Defining “Contemporary Worship”

Defining "Contemporary Worship"

I am often asked to define contemporary worship. My response usually revolved around the musical definition. I never considered the full scope of what was really being asked. Although contemporary means many things to many people, let’s focus on its true meaning. Contemporary merely means “occurring in the modern” or “of the day.”

It can be a difficult thing to call worship contemporary. The true translation makes it too unclear. For the past 50 years worship was “contemporary.” It was the way people all over the world had done it…for the most part. Ideally worship cannot be categorized as traditional, contemporary or blended. Worship is worship. It hasn’t changed since man was created. We can argue over the elements and the ways in which we worship, differentiate the outward expressions of our worship, and even label our churches to better clarify the freedoms permitted in worship. To use the terms traditional, contemporary and blended as definitions for our corporate worship styles is misleading and incorrect.

The only things that have changed in our corporate worship are the tools we use to help facilitate it. Sadly, until 15-plus years ago, the church had not been contemporary in its use of music in the church. We held too tightly to the styles, presentation and other elements of our music. At the expense of losing millions of young people to the world, we failed to become contemporary in our look and in our presentation. We have, in a sense, left them behind at the risk of becoming relevant to their desires and needs.

The terms traditional, contemporary and blended are better used in the context of musical instrumentation and orchestration. To use a pipe organ as a tool to lead worship would probably place you in the traditional category. To use a Hammond B-3 in your worship would probably place you in the contemporary category—especially if it was played correctly with the right speakers. 🙂 If your church has a band, you would be considered contemporary. If your instrumentation consists of the piano and organ, you would probably fall into the traditional model.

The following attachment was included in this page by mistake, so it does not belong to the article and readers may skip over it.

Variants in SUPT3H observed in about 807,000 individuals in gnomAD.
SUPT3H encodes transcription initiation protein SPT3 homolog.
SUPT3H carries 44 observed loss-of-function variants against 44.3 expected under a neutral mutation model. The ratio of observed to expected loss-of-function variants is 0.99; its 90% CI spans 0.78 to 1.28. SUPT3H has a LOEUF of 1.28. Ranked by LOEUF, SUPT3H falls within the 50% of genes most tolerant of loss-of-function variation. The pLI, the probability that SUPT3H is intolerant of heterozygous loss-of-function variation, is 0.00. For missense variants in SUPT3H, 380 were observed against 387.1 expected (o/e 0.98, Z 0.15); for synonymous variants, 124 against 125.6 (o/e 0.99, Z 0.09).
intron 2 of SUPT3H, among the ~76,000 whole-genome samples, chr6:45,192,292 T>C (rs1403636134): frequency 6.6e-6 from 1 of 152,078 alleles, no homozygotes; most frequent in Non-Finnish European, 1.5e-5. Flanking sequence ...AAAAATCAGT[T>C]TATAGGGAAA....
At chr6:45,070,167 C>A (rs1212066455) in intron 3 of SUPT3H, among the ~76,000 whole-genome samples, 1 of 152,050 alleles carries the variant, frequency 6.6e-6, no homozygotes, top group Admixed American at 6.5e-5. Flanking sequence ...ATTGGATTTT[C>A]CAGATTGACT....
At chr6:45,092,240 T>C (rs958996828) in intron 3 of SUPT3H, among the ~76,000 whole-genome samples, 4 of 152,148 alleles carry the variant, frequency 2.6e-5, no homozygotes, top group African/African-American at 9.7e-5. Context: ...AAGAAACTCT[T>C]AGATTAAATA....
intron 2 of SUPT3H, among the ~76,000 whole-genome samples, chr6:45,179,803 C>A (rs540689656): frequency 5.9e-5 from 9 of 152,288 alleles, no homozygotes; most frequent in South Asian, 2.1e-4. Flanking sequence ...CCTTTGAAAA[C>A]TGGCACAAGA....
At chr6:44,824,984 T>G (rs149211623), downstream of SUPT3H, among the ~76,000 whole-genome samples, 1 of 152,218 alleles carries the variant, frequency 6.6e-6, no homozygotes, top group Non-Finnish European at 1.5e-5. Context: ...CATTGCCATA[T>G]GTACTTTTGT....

When asked the style of worship we incorporate at our church, I often respond “traditional.” When asked what style of music do we incorporate, my response is always “contemporary.” Another oft asked question centers around the use of hymns. Hymns in themselves are neither traditional nor contemporary. It is how they are presented that makes them traditional or contemporary. Some of our more progressive musical worship bands have seen the value in many great hymns. It is their presentation that makes them contemporary. The fight over hymn and choruses takes center stage when it should have been over how they were arranged and presented. A lost person could hear Passion’s version of “O for a Thousand Tongues” and not recognize or differentiate whether it was a hymn or another great worship song. Maybe if we had made the change 20 years ago hymns would still be an effective tool in worship.

So what is contemporary worship? Simply the same as it has been since Jesus walked here on earth. It is giving honor and praise to his Father in heaven. It is living lives in obedience to His word and His call on your life. It is showing His worth to all because He is worthy. Let us not confuse worship with music. Worship doesn’t change.

In the future, I hope that we will begin to do away with labels on worship styles. There is only one style of worship…that which honors God and pleases Him.    

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Steve Newman
Stephen M. Newman is the author of Experiencing Worship, A Study of Biblical Worship, and Founder & Editor of ExperiencingWorship.com. Steve currently serves as Pastor of Worship, McKinney Memorial Bible Church, Fort Worth, Texas. Steve has extensive experience in both traditional and contemporary worship styles and has been serving in music and worship capacities since 1982. Steve earned a Bachelor of Music degree with emphasis in Church Music from Oklahoma Baptist University in 1986. He has also earned Master's of Worship Ministry and Doctorate of Worship Ministry from Christian Leadership Seminary, Elma, New York. Used by permission of ExperiencingWorship.

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